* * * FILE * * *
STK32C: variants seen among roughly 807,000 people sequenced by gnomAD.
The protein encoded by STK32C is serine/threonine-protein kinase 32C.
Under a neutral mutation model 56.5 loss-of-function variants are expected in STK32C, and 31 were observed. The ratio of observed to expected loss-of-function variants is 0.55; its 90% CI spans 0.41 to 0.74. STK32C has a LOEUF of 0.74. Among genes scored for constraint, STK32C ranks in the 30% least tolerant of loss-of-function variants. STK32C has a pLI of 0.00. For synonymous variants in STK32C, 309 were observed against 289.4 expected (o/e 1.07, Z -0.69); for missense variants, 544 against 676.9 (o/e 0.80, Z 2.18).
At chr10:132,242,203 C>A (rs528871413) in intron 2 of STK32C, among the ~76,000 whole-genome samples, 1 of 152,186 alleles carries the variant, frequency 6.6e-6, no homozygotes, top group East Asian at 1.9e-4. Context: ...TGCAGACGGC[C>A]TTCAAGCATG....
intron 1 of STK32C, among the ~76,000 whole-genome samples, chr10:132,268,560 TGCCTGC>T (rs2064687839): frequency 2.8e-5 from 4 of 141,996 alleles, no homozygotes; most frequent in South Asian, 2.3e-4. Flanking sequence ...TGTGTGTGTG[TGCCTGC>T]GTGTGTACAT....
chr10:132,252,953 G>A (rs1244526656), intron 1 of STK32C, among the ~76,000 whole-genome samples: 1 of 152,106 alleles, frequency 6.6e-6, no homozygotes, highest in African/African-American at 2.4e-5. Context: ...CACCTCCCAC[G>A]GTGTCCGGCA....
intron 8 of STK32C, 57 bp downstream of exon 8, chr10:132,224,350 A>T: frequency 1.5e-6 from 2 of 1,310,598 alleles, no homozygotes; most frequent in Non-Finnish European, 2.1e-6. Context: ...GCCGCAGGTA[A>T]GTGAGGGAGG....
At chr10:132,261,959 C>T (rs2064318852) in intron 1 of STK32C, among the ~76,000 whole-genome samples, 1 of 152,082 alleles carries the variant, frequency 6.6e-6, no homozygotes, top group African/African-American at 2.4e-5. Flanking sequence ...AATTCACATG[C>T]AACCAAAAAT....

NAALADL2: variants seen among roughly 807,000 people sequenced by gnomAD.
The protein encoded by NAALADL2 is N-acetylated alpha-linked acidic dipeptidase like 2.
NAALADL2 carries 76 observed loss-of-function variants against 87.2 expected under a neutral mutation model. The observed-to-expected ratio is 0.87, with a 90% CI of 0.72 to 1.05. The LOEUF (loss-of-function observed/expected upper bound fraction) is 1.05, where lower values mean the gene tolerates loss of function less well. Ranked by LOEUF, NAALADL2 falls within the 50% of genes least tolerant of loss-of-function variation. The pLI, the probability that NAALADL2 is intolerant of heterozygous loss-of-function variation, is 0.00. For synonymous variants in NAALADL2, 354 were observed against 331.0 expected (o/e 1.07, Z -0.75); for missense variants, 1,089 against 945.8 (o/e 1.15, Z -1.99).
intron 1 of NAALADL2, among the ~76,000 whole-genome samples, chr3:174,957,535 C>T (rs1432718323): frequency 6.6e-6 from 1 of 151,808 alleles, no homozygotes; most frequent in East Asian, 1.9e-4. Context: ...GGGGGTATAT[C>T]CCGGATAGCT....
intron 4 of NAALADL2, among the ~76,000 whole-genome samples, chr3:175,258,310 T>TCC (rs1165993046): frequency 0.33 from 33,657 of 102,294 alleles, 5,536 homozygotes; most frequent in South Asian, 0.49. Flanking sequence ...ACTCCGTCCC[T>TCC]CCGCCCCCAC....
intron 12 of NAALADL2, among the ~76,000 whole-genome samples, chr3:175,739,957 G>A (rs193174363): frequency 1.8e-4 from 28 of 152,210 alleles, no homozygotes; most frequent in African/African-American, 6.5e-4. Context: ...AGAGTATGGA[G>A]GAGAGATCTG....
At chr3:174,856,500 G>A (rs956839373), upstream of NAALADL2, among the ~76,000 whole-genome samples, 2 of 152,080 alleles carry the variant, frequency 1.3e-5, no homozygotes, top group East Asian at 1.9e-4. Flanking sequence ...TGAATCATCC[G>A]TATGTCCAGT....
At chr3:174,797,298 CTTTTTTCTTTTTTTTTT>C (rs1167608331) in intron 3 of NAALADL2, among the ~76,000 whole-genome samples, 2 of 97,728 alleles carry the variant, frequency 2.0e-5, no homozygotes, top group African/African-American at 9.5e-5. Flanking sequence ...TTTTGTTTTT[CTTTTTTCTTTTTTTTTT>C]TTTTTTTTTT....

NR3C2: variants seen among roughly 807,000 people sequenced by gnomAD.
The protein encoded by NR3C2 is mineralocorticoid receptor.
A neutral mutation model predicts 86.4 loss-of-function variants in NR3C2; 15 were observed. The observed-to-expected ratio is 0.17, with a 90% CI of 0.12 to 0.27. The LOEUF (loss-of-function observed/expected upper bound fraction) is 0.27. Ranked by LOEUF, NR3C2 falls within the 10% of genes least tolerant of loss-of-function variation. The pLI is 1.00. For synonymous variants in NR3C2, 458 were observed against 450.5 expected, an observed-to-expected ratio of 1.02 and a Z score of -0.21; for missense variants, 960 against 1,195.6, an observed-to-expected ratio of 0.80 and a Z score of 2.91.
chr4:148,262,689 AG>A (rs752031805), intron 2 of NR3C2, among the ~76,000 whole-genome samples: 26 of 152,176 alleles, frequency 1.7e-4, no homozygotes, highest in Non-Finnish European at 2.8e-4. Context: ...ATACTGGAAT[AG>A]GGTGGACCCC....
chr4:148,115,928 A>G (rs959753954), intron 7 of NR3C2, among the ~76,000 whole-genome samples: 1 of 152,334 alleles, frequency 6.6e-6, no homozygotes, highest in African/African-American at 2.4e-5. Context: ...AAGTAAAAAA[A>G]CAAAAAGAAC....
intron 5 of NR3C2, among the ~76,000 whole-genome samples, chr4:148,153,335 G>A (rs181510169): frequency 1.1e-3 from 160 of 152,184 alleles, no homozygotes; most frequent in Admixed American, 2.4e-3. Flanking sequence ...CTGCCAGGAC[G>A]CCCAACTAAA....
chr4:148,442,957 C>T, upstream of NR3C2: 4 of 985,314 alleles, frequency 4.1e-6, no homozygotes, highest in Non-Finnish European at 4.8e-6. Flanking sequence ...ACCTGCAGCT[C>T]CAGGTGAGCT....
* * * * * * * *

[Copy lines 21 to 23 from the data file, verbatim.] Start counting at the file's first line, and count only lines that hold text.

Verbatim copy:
chr4:148,115,928 A>G (rs959753954), intron 7 of NR3C2, among the ~76,000 whole-genome samples: 1 of 152,334 alleles, frequency 6.6e-6, no homozygotes, highest in African/African-American at 2.4e-5. Context: ...AAGTAAAAAA[A>G]CAAAAAGAAC....
intron 5 of NR3C2, among the ~76,000 whole-genome samples, chr4:148,153,335 G>A (rs181510169): frequency 1.1e-3 from 160 of 152,184 alleles, no homozygotes; most frequent in Admixed American, 2.4e-3. Flanking sequence ...CTGCCAGGAC[G>A]CCCAACTAAA....
chr4:148,442,957 C>T, upstream of NR3C2: 4 of 985,314 alleles, frequency 4.1e-6, no homozygotes, highest in Non-Finnish European at 4.8e-6. Flanking sequence ...ACCTGCAGCT[C>T]CAGGTGAGCT....